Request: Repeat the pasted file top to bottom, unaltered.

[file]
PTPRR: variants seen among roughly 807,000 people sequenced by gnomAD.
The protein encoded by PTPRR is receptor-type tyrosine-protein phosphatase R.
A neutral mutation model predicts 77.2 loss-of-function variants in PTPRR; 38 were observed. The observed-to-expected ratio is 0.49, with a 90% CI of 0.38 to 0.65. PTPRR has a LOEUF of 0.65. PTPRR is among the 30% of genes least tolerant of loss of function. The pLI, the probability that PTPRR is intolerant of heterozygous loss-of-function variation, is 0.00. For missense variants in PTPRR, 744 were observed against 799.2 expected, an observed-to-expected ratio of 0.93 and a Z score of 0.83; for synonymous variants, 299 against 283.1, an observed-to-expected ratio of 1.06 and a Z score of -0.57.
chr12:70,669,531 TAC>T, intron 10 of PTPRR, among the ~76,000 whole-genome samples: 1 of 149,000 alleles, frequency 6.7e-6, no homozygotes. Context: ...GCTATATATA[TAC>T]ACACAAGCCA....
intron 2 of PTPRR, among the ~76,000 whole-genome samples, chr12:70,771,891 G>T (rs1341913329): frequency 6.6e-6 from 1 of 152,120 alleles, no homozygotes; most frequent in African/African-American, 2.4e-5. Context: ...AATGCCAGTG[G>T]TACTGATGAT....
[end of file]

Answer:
PTPRR: variants seen among roughly 807,000 people sequenced by gnomAD.
The protein encoded by PTPRR is receptor-type tyrosine-protein phosphatase R.
A neutral mutation model predicts 77.2 loss-of-function variants in PTPRR; 38 were observed. The observed-to-expected ratio is 0.49, with a 90% CI of 0.38 to 0.65. PTPRR has a LOEUF of 0.65. PTPRR is among the 30% of genes least tolerant of loss of function. The pLI, the probability that PTPRR is intolerant of heterozygous loss-of-function variation, is 0.00. For missense variants in PTPRR, 744 were observed against 799.2 expected, an observed-to-expected ratio of 0.93 and a Z score of 0.83; for synonymous variants, 299 against 283.1, an observed-to-expected ratio of 1.06 and a Z score of -0.57.
chr12:70,669,531 TAC>T, intron 10 of PTPRR, among the ~76,000 whole-genome samples: 1 of 149,000 alleles, frequency 6.7e-6, no homozygotes. Context: ...GCTATATATA[TAC>T]ACACAAGCCA....
intron 2 of PTPRR, among the ~76,000 whole-genome samples, chr12:70,771,891 G>T (rs1341913329): frequency 6.6e-6 from 1 of 152,120 alleles, no homozygotes; most frequent in African/African-American, 2.4e-5. Context: ...AATGCCAGTG[G>T]TACTGATGAT....